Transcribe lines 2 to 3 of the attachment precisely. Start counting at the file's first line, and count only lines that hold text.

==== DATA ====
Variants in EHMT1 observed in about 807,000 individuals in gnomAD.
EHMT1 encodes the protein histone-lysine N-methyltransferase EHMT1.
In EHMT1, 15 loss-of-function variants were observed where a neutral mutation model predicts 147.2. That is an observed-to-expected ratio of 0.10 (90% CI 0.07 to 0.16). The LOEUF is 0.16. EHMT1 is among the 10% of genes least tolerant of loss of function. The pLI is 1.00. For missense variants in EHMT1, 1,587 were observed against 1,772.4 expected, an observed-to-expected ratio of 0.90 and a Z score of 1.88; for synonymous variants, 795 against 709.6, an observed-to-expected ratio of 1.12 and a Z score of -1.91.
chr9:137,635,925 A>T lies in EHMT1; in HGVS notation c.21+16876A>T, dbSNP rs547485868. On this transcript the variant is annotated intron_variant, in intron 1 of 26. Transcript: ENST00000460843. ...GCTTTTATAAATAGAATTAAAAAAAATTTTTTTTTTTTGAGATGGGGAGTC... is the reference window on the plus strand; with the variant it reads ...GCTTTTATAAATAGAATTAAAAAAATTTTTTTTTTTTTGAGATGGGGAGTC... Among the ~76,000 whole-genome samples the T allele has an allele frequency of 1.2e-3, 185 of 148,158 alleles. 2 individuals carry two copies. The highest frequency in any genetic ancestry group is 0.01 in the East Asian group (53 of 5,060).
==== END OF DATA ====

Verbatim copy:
EHMT1 encodes the protein histone-lysine N-methyltransferase EHMT1.
In EHMT1, 15 loss-of-function variants were observed where a neutral mutation model predicts 147.2. That is an observed-to-expected ratio of 0.10 (90% CI 0.07 to 0.16). The LOEUF is 0.16. EHMT1 is among the 10% of genes least tolerant of loss of function. The pLI is 1.00. For missense variants in EHMT1, 1,587 were observed against 1,772.4 expected, an observed-to-expected ratio of 0.90 and a Z score of 1.88; for synonymous variants, 795 against 709.6, an observed-to-expected ratio of 1.12 and a Z score of -1.91.